Pubdate: Tue, 11 Dec 2012
Source: Abbotsford Times (CN BC)
Copyright: 2012 The Abbotsford Times
Author: Rochelle Baker


Experts: good message but questionable execution

An Abbotsford Police initiative that involves sending Christmas cards
featuring the chief in a Santa suit with a bullet-proof vest and
assault rifle to prolific offenders is getting mixed reviews from experts.

The APD Christmas card shows Chief Bob Rich in the traditional red
suit and white beard as well as body armour and a rifle with the
question: "Which list will you be on . . . naughty or nice?"

The card then suggests that the recipient is "one choice away from
changing your life," and encourages them to make a New Year's
resolution to leave crime behind and provides an APD helpline number
people can call.

APD is sending the greeting to prolific offenders, property offenders
and persons known for drug and gang activity in Abbotsford as part of
Operation Resolution, said Const. Ian MacDonald.

The cards are a reminder that the recipients have the opportunity to
make different choices in life if they "resolve" to do so, said MacDonald.

The aim of the image on the card is to draw people's attention to the
message and hopefully provoke reflection and change, he added.

"I don't know if a pastoral winterscape would have the same effect,"
said MacDonald.

Maggie Aronoff, executive director of the John Howard Society of the
Fraser Valley that works to reintegrate offenders back into society,
said the intent is good but the execution is questionable.

"The message on the card is great; it's just the picture that's the
problem," said Aronoff, adding she appreciates the APD is trying to
foster more positive interactions with offenders.

"I think the image is a little unfortunate. It might not get the
results they intend.

"You've got a mixed message with a Santa with gun and bullet proof
vest, I'm not sure who would reach out to that."

She also worried what children living with prolific offenders might
take away from the card.

"Kids might view that. What kind of relationship with police is this
setting up?"

Aronoff also expressed concerns about whether the police had the
resources and services in the community to meet the needs of offenders
seeking help, especially when specialized agencies like John Howard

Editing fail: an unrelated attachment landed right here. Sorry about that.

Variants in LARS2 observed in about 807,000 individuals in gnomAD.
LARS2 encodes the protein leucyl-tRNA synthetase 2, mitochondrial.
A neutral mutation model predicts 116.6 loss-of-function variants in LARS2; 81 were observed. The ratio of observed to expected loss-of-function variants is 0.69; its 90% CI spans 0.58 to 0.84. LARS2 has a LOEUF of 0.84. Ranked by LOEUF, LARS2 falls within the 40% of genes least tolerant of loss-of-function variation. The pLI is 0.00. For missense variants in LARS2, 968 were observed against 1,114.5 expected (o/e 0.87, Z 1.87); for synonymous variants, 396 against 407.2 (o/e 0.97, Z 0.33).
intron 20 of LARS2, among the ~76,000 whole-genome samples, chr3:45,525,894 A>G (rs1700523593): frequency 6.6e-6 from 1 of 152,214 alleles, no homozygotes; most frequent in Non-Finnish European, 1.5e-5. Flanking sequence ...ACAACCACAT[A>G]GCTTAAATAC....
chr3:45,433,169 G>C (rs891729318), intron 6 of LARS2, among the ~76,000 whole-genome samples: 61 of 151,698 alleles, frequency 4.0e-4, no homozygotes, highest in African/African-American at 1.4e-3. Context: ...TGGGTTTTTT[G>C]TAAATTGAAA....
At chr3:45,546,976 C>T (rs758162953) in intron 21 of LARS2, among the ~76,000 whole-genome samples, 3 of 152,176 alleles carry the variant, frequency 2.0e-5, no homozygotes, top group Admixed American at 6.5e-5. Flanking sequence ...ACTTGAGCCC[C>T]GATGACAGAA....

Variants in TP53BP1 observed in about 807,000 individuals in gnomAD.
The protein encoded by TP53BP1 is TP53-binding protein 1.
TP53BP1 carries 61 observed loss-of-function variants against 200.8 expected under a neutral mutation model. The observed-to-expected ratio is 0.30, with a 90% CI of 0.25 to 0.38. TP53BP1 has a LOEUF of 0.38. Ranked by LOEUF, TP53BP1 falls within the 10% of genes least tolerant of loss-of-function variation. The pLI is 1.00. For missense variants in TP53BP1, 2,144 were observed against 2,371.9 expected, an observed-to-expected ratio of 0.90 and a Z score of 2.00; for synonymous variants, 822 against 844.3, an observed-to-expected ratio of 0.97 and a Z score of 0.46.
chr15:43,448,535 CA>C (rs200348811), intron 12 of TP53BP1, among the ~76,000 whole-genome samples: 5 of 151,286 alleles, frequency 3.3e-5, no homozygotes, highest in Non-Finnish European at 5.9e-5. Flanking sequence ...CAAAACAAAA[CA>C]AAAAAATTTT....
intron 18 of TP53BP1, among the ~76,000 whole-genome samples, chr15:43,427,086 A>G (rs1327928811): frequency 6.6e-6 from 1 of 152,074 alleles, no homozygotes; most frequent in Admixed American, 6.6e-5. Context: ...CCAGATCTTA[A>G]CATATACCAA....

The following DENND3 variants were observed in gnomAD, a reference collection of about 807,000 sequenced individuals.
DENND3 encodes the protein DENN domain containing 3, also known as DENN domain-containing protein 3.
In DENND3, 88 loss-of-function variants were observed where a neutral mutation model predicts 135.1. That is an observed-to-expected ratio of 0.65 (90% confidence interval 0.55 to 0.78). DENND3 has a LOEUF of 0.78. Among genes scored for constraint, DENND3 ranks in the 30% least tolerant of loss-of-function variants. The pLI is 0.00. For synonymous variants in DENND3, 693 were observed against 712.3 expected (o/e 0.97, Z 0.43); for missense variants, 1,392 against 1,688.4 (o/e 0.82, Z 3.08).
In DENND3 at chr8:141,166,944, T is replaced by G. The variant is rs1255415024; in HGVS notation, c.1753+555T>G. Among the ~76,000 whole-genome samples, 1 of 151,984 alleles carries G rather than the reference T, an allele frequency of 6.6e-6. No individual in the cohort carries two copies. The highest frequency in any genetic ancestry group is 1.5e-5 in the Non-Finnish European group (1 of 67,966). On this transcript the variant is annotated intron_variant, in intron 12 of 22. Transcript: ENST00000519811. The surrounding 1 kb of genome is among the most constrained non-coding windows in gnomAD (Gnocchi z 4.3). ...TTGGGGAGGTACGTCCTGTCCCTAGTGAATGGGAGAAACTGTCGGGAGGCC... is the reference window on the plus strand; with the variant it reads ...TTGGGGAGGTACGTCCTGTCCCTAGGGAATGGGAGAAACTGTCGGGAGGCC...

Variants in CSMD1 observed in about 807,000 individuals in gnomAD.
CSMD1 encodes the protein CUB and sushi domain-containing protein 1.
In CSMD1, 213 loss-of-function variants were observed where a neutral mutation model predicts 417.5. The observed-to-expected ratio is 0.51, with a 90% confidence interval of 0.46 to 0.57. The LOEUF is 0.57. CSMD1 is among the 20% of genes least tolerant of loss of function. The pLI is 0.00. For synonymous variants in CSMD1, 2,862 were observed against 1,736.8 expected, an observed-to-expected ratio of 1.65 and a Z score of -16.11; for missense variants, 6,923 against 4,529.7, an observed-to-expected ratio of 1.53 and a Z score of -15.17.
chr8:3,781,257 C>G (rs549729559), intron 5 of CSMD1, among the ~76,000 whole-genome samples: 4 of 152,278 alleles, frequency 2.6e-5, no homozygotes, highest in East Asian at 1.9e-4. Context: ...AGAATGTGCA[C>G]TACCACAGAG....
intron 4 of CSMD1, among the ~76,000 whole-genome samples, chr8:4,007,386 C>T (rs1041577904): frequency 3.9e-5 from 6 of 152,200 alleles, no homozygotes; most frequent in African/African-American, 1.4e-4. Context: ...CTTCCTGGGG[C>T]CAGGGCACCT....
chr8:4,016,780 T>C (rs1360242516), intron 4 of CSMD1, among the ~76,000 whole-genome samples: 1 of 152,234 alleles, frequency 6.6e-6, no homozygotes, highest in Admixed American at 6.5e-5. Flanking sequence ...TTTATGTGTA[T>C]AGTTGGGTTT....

were struggling to do similar work after suffering federal budget cuts.

"We've had a quarter of a million dollar reduction to our
reintegration services. We'd like to be part of the network of service
solutions . . . but who will the APD refer too?"

Irwin Cohen, director criminology and criminal justice at the
University of the Fraser Valley, commended the APD for trying to move
beyond its traditional role of simply catching criminals.

"The messaging and what they are trying to do is important and there
are potential positives, but is this the best way to reach out to
chronic offenders, I'm not sure," said Cohen.

The Christmas card appears to be part of a broader, innovative
strategy by APD to do more than tackle specific crimes but rather
address the community's public safety, he said.

It's important the offenders also see police as part of a potential
support network, he added.

"There may be some stumbling blocks in terms of execution but the
notion is quite forward thinking," said Cohen.

"They are thinking, 'our only role isn't just to catch you and arrest
you but be part of a larger solution. It will be interesting to see
how many phone calls they get."

The card's image wasn't meant to be contradictory or aggressive but
simply has the chief hamming it up in a Santa suit to draw peoples'
attention to the card, said MacDonald.

"It's not a red herring. It's a sincere appeal. We wouldn't set up a
phone line for the purposes of the greeting card."
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